Drunk Food: A New Kind of NYC Slice

A roving portrait of late-night cravings. Up first, the other pie has a new curfew.

“There is something in the New York air,” Simone de Beauvoir, the French activist and writer, once said, “that makes sleep useless.” The city vibrates late into the night, under the Times Square lights that turn darkness into day, past the glittery Empire State Building and down, down, down into the Lower East Side. When the restaurants close and the clubs open, drunk, sober, high—New Yorkers all line up for a slice.

On the Lower East Side, on Delancey near the corner of Allen, Petee’s Pie Company does not serve pizza pie. It serves pie pie: sour cherry, wild blueberry, lemon meringue, strawberry dream, chocolate chess, banana cream. “When we first opened [in 2014], we planned to close at 8 p.m.,” says Robert Paredez, who co-owns the shop with his wife, the founder, pie-master and namesake, Petra, who earned the nickname “Petee” as a kid.

“That first year, around 8:05, 8:10 every night, as we were cleaning up, there would be a knock on the door,” Paredez recalls of how pie-hungry patrons begged him to stay open just a few minutes longer. “So then we said we’d close at nine, and eventually that became 10,” he says. “Soon enough it was midnight during the week and 1 a.m. on Fridays and Saturdays.”

After school, Petra moved to New York City to teach children with special needs. “But the pie gene is strong with me,” she says. Petra comes from a family of pie bakers; her parents run Mom’s Apple Pie Company in Leesburg, Virginia. They also own a farm in nearby Loudoun County that grows much of the produce used at Mom’s, including rhubarb, raspberries, blackberries and pumpkins. (Petra and Robert visit once a season to pick produce for Petee’s, which supplements the produce they buy from local New York farms.) After her first year teaching, Petra met Robert, and four years later they jumped at an opportunity to open their own shop. There’s now a second location, Petee’s Café, in Clinton Hill.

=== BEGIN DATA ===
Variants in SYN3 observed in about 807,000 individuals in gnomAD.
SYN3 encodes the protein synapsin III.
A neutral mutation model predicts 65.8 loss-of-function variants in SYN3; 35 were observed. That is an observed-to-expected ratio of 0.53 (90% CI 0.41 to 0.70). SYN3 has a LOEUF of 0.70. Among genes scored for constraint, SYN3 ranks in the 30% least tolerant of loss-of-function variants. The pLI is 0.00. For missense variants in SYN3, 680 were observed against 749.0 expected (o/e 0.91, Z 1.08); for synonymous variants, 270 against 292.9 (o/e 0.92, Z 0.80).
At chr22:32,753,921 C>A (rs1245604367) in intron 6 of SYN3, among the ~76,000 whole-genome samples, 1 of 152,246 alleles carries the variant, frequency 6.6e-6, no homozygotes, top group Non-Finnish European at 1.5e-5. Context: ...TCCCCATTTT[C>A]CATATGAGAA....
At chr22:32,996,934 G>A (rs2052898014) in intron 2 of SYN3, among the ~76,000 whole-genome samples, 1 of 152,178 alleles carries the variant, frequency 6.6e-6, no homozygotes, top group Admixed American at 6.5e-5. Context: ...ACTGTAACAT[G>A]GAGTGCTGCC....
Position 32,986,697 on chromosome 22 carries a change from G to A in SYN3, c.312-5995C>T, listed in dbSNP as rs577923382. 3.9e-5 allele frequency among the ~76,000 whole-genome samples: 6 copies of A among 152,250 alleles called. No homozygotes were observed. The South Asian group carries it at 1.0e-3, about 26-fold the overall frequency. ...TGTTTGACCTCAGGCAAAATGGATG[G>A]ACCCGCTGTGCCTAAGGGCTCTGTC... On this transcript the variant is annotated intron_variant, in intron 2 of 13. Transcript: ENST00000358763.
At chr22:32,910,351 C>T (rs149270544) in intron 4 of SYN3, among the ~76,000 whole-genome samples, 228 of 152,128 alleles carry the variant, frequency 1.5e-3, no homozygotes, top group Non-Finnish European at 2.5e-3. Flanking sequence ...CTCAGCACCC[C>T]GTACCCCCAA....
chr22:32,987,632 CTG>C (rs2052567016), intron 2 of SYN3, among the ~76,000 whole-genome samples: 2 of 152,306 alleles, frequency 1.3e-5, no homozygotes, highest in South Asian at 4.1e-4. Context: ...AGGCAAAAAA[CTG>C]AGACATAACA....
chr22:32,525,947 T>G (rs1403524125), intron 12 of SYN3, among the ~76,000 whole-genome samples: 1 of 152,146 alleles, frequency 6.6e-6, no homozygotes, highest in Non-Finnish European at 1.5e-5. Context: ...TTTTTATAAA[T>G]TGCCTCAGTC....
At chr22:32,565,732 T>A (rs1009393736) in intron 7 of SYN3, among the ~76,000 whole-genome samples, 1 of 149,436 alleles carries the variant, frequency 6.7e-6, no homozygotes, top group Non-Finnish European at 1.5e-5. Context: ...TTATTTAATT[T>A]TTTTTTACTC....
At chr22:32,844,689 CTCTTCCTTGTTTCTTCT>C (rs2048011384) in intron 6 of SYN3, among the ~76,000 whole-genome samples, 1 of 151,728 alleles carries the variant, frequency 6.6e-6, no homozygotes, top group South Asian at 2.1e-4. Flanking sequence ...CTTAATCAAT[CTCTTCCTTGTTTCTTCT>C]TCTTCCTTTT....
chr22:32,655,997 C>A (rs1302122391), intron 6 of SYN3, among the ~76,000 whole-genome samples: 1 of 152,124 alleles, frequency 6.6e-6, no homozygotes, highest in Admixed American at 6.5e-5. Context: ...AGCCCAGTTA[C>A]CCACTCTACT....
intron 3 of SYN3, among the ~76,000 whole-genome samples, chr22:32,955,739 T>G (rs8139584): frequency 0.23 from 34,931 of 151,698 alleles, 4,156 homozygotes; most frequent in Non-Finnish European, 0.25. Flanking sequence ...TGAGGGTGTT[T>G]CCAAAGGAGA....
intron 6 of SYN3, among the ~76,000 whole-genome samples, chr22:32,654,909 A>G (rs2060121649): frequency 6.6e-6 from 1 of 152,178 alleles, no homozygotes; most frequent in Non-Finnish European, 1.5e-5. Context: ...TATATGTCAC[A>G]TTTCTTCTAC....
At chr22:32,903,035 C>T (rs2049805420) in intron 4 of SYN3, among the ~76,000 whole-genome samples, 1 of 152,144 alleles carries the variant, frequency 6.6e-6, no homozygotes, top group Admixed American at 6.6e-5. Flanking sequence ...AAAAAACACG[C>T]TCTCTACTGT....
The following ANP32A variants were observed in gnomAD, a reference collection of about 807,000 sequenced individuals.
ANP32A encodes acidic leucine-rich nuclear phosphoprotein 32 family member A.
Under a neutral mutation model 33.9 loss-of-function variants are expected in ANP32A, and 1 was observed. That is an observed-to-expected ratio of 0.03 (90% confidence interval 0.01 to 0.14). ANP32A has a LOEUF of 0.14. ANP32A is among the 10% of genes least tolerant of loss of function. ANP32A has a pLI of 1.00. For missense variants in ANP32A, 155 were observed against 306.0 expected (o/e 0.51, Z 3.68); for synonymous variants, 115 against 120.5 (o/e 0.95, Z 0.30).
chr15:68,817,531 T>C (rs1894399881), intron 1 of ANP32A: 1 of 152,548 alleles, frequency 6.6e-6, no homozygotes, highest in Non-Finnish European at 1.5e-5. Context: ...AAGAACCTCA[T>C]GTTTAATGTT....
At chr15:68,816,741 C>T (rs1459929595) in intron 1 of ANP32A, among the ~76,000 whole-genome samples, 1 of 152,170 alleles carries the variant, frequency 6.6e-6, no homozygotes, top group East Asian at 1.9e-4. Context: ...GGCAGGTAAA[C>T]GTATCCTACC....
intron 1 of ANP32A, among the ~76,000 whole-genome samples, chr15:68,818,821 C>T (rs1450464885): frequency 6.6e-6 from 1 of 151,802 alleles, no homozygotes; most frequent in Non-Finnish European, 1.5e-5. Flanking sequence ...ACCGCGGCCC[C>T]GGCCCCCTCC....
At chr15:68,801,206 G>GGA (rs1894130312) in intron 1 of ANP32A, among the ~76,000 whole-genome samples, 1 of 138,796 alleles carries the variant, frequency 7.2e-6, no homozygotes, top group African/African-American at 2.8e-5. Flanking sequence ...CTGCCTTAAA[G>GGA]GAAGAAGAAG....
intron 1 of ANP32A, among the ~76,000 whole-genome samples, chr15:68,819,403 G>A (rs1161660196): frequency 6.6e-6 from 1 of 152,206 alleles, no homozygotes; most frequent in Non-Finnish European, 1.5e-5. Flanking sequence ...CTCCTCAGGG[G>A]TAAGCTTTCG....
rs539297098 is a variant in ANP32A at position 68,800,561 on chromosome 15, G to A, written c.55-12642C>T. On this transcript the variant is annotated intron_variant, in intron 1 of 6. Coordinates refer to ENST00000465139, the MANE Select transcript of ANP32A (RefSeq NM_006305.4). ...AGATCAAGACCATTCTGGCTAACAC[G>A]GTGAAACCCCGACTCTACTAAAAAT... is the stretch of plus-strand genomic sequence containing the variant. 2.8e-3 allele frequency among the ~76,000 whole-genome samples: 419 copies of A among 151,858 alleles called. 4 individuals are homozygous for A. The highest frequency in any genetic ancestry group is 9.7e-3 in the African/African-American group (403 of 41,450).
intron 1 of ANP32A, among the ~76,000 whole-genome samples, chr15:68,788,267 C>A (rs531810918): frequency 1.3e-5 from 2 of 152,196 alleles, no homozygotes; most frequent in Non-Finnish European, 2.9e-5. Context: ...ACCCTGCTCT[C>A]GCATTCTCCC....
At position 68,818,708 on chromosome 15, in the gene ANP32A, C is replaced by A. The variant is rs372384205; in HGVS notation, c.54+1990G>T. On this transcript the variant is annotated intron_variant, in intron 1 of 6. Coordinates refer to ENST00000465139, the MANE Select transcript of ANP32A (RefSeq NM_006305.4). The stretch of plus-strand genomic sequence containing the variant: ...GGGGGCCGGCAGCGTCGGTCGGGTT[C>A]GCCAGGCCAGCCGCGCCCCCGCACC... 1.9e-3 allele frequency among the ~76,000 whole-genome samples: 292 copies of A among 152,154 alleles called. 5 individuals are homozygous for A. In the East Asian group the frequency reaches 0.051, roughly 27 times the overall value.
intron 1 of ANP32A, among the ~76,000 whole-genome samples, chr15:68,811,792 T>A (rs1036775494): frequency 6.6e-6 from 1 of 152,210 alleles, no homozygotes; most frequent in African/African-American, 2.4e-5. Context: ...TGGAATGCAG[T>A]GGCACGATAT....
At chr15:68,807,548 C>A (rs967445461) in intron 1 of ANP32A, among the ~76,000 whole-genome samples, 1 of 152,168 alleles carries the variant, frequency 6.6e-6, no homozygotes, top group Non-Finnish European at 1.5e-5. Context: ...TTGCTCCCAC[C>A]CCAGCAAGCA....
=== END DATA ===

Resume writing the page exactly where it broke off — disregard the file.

Historically, bakers have kept early hours—Petra takes the morning shift, Robert the evenings—often rising before dawn to bake the bread, fry the doughnuts or proof the pastries for morning customers. In the last few years, bakery-bar concepts—Butter & Scotch in Brooklyn, Fry and Pie in New Orleans—have popped up, providing sweets in the morning and stronger offerings at night. But dedicated pie shops, a rare breed of bakery, are generally open by mid-morning and shut around dusk. A growing few, including Pie Bar in Seattle and The Pie Hole in Los Angeles, stay open late, suggesting that a wedge of apple, cherry, banana or chocolate chess might be a new variation on the midnight slice.

After dark, the windows of Petee’s give off a golden glow on an otherwise dark block. “Time sort of stops in here,” says Tejan Rahim, a student of photography at NYU and a staffer who often works until closing time. “It’s a happy place to be.”


What are the late nights like?